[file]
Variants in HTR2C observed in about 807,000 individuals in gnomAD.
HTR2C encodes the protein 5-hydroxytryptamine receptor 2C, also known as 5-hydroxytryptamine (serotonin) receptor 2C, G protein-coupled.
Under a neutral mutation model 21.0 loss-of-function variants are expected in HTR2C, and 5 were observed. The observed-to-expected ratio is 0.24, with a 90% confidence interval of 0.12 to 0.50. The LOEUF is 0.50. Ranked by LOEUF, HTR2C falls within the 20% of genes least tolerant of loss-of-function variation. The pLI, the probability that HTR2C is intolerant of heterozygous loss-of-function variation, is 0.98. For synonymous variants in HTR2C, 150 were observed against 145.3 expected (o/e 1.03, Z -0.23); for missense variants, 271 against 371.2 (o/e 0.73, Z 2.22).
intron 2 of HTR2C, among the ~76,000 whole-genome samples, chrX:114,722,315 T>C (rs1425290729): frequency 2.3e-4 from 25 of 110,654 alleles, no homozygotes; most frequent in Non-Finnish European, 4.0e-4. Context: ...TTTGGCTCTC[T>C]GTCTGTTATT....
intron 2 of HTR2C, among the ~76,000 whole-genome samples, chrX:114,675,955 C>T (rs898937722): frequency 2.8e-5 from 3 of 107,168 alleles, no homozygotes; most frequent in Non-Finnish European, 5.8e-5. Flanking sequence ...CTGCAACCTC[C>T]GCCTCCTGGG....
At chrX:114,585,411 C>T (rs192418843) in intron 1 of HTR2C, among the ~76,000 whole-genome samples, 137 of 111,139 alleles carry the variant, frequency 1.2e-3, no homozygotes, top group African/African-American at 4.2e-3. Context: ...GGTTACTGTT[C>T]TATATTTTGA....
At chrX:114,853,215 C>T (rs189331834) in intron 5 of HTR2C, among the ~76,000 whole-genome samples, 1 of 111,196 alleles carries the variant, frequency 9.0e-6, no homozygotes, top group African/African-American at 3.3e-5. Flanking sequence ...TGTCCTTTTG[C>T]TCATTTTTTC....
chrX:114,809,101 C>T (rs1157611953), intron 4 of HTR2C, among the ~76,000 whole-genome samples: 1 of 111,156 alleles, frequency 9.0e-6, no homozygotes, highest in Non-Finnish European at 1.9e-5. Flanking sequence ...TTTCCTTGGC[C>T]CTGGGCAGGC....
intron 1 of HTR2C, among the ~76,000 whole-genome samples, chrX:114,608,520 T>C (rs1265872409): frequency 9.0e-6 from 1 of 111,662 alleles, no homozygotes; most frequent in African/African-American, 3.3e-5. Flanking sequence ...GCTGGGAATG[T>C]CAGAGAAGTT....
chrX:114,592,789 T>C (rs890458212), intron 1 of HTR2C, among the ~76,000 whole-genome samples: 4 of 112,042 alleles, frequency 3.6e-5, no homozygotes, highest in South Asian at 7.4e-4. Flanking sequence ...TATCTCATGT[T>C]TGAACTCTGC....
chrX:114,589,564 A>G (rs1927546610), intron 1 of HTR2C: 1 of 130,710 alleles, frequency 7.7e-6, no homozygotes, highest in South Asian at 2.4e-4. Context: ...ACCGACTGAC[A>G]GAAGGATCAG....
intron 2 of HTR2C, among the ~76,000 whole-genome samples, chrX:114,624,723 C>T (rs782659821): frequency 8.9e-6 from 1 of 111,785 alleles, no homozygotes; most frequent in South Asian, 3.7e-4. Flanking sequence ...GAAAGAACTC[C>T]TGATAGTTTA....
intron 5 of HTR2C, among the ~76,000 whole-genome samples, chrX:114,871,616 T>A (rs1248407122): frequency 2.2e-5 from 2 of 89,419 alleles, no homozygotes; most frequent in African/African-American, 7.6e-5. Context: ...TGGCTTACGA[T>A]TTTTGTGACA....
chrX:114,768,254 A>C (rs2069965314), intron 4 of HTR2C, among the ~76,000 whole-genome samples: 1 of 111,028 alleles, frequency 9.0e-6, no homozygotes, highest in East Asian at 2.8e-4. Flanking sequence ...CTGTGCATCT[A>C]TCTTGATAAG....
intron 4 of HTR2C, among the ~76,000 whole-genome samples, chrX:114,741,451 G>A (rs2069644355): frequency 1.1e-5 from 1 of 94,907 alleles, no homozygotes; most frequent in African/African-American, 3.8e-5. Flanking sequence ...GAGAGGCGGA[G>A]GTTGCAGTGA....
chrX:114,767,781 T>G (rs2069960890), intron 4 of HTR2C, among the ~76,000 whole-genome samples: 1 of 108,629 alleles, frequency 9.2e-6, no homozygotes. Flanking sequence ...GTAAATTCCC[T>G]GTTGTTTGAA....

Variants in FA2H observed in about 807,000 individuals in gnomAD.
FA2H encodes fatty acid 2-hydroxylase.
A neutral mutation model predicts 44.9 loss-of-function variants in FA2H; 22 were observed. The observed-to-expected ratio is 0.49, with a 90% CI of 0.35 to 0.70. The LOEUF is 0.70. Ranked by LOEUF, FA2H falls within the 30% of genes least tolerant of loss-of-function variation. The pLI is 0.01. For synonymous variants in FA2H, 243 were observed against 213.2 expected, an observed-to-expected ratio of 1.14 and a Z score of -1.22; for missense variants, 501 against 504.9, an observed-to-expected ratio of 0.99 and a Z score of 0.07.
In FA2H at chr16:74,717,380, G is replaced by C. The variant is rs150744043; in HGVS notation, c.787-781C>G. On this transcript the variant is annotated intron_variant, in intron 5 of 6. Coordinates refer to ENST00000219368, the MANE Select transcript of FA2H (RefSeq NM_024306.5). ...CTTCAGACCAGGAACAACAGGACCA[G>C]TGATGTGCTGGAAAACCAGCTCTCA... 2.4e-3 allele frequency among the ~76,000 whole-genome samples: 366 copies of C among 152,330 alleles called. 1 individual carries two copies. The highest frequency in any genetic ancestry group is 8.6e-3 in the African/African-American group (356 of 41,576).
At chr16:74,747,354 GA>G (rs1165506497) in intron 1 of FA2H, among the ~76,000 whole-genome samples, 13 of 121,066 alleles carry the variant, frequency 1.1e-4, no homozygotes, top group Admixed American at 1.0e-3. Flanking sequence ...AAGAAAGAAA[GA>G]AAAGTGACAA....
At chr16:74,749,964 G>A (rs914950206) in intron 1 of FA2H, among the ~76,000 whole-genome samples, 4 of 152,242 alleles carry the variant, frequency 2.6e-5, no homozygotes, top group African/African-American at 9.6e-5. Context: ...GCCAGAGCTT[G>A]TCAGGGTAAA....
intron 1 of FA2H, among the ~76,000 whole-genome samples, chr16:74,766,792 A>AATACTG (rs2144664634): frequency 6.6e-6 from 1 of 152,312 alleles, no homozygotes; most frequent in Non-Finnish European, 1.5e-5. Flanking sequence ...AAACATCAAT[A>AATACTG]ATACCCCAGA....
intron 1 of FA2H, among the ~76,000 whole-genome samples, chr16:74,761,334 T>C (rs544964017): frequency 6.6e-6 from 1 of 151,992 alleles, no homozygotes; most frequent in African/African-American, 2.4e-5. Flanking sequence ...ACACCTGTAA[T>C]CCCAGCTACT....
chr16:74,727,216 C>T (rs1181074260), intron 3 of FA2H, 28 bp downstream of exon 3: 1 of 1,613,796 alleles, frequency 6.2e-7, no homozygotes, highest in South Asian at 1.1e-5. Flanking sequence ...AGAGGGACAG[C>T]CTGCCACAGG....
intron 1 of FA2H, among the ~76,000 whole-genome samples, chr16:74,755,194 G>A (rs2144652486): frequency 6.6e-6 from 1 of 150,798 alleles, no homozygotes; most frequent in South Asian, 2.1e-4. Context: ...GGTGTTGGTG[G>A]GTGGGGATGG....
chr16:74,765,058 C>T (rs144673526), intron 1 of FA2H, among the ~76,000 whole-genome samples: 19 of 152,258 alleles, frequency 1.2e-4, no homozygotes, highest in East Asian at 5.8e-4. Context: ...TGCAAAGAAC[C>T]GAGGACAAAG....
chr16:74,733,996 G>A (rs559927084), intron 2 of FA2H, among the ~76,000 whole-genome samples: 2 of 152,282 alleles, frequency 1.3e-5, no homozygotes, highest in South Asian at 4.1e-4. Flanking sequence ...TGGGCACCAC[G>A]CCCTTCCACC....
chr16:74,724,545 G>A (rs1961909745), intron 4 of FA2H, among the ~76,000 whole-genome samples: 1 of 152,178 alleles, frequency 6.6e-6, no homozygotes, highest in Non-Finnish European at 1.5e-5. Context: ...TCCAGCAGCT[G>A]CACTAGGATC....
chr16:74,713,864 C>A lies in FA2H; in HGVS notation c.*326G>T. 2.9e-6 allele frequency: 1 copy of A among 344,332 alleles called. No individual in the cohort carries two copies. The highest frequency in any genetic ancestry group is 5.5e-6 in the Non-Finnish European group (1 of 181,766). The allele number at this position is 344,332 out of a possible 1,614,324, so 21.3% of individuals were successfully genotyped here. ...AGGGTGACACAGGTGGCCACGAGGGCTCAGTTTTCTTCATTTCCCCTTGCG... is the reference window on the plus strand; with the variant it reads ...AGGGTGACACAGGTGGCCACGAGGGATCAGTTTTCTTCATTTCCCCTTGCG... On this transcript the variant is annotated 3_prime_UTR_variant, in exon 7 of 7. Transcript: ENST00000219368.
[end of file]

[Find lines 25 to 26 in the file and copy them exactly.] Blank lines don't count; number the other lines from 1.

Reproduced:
chr16:74,727,216 C>T (rs1181074260), intron 3 of FA2H, 28 bp downstream of exon 3: 1 of 1,613,796 alleles, frequency 6.2e-7, no homozygotes, highest in South Asian at 1.1e-5. Flanking sequence ...AGAGGGACAG[C>T]CTGCCACAGG....
intron 1 of FA2H, among the ~76,000 whole-genome samples, chr16:74,755,194 G>A (rs2144652486): frequency 6.6e-6 from 1 of 150,798 alleles, no homozygotes; most frequent in South Asian, 2.1e-4. Context: ...GGTGTTGGTG[G>A]GTGGGGATGG....